20th Century has put together a wonderful must have package, that you'll enjoy time and time again....enjoy ...Laurie
This is a great story about TWO sets of twins that are born in this rinky dink hospital in Jupiter Hollow, only to have one twin from each set mixed with the other. It's a hilarious romp and definitely a feel good movie. I think far too many critics these days miss that point. If a movie makes you feel good and makes you want to watch it over and over again, that's a 5 star movie.
Big Business will keep you coming back for a great does of monkey business!! Viva Tomlin and Midler!!
P. S. Was Robert Q. Lewis really as smarmy as I remember him?
The engaging, original music in the film, which was written by Frank Loesser, includes the songs:
* "How To" (sung by Robert Morse).
* "The Company Way" (sung by Robert Morse).
* "A Secretary Is Not A Toy" (sung by company employees).
* "Been A Long Day" (sung by company employees).
* "Rosemary" (sung by Robert Morse).
* "Grand Old Ivy" (sung by Robert Morse and Rudy Vallee).
* "I Believe In You" (sung by Michelle Lee).
* "Brotherhood Of Man" (sung by company employees).
Though some of the activities shown in "How To Succeed in Business Without Really Trying" are dated and chauvinistic by today's business standards (and discouraged by the Labor Department and the EEOC), the basic message of the story regarding nepotism, brownnosing, favoritism, scapegoating, affairs between employees, people hired for their appearance, backstabbing and mismanagement within corporations is just as relevant today as it was over 40 years ago. Creative employees are summarily fired for their ideas, others with more corporate clout get those same ideas approved by management. People who went to the right schools or joined the right clubs move up quickly, as well as people who easily agree with superiors and/or dress as well as possible. It's not what you know, but who you know, how well you brownnose, how good of an appearance you make and how well you avoid trouble that makes one successful in the corporate world.
Robert Morse is hilarious in the film, as are Rudy Vallee, Maureen Arthur and Michelle Lee. The film was well scripted and the sets are appropriate for a late 1960's office building. It is likely that the film inspired Michael J. Fox's 1987 film, "The Secret of My Succe$s". Overall, I rate the film with 5 out of 5 stars. So sit back, get a bowl of popcorn and see whether you want to do things the company way.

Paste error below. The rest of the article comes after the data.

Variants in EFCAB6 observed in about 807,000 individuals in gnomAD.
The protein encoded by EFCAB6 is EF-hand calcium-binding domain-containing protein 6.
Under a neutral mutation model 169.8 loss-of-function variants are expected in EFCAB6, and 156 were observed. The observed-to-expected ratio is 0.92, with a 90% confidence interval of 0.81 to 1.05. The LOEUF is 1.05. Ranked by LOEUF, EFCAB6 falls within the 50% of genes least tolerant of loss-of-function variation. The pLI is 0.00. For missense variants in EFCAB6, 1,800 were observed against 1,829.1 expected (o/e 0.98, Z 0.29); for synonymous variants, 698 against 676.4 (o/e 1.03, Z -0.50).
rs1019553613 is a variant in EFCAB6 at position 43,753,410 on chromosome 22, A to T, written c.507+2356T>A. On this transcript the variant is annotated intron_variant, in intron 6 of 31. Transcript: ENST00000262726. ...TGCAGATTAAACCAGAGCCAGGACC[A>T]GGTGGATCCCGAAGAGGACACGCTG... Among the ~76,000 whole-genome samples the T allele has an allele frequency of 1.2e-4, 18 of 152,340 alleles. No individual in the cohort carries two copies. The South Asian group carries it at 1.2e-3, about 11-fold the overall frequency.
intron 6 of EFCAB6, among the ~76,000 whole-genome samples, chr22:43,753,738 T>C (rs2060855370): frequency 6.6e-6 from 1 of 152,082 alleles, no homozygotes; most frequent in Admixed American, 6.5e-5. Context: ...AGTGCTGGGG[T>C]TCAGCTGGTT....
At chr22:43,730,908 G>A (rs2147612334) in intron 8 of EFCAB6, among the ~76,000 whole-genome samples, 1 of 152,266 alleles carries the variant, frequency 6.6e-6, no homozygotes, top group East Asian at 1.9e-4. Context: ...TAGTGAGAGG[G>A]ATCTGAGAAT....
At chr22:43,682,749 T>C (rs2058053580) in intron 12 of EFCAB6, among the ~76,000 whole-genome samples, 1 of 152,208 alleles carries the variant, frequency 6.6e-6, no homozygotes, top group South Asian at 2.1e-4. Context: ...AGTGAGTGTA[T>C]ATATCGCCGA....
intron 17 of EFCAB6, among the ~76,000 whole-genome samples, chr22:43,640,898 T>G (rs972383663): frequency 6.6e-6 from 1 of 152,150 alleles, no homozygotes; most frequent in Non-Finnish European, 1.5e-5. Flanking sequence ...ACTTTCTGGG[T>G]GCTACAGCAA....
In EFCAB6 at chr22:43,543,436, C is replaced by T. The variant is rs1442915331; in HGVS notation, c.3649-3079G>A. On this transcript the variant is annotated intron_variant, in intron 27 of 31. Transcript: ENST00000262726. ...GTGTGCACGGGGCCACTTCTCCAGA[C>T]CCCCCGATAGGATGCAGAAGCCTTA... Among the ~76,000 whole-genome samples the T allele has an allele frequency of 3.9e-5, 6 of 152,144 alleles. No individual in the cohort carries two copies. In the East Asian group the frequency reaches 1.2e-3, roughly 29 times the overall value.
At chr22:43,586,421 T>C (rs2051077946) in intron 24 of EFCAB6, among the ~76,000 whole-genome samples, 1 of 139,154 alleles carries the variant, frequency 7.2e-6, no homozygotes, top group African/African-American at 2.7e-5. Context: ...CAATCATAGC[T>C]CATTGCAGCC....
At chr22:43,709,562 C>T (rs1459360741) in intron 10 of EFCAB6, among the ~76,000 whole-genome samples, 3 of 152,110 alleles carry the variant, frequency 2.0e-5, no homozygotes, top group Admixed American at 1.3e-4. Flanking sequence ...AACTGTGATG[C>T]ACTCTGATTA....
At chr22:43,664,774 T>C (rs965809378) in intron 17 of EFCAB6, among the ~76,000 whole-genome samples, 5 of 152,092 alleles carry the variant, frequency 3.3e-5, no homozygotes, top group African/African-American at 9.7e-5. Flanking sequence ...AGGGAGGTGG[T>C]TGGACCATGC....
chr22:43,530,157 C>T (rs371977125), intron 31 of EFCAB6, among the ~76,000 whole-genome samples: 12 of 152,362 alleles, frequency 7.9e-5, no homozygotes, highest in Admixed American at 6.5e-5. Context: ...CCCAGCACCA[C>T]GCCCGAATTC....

Although the business world has changed quite a bit since 1967, SUCCEED is so dead-on with its attack that even modern corporate leaders will be bloodied from the fray. The company is just large enough so that no one knows what is actually going on, leadership cries out for creative solutions then promptly fires any one who shows a talent for it, and promotion doesn't hinge so much upon ability as it does upon [kissing] up, backstabbing, and looking like you know what you're doing. There are jabs at dressing for success, the idea that employees don't engage in sexual hankypanky, hidden nepotism, and the importance of belonging to the "right" clubs. And along the way our hero meets the classic business crowd: the company man, the bombshell secretary, the boss' nephew, and a host of largely incompetent yes-men VPs.
The film is very stylized, making no pretense at naturalism per se, and the cast follows suit, playing in a way that blends beautifully with the self-boosting and jingoistic tone that pervades the piece. Robert Morse gives a truly brilliant performance in the lead--and one wonders why Hollywood so seldom used him in later years; Michele Lee, as the secretary who befriends him, is equally fine, and the supporting cast is wonderful all the way around. The musical numbers (which includes such numbers as "The Company Way," "A Secretary Is Not A Toy," "It's Been A Long Day," and "Brotherhood of Man") are remarkably sly and memorably performed. All in all, HOW TO SUCCEED IN BUSINESS WITHOUT REALLY TRYING is sure to appeal to any one who has had the misfortune to graple with the idiocies of corporate America--and it will almost certainly outrage every "company man" on your city block. Strongly recommended, but make sure you get the widescreen version; pan-and-scan doesn't cut it on this one!
The best part of this movie has to be the childlike antics of Cary Grant and Ginger Rogers as they carry on for some time like a couple of eight-year-olds. Marilyn Monroe is stunning and her character never fails to produce laughs. Lois, who has begun coming to work early each morning because her boss isn't satisfied with her punctuation, was not hired for her secretarial skills, but, as Mr. Oxley says, anyone can type. Marilyn gets a fair share of screen time in this early film of hers, but there can be no question that Cary Grant and Ginger Rogers thoroughly steal the show with their comedic antics. In the end, Monkey Business shows that youth is a state of mind, best expressed by Barnaby's line, "You're old only when you forget you're young."
This is Cary Grant's second and last movie with Ginger Rogers, the first being ONCE UPON A HONEYMOON in 1942. This is CG's 58th movie and his fifth movie being directed by Howard Hawks. Their relationship had started in 1938, with the production of BRINGING UP BABY. This movie has very true shades as BUB. Cary is the greatest of farceurs, lighting up the screen with hilarity and fun.
Cary plays Dr. Barnaby Fulton who has been working on a youth-restoring formula for several years. He has not had much success until one day a chimpanzee gets loose in the lab and accidentally concocts the exact formula Barnaby had been searching for.
No one knows that the chimp has put the formula in the water cooler (except the water tastes bitter), and everyone who drinks the water gets younger and younger. The chemical reaction is fun and explosive.
Finally, Barnaby decides that the formula has to go and tells his wife, Edwina (Ginger Rogers) of his new formula, "You're only old when you forget you're young," which obviously is the best philosophy for anyone to follow.
Cary makes acting look so easy; I envy him for that. When this film came out it was not a commercial success, but today it is known as a true classic. Just goes to show what time can do to put a new slant on things.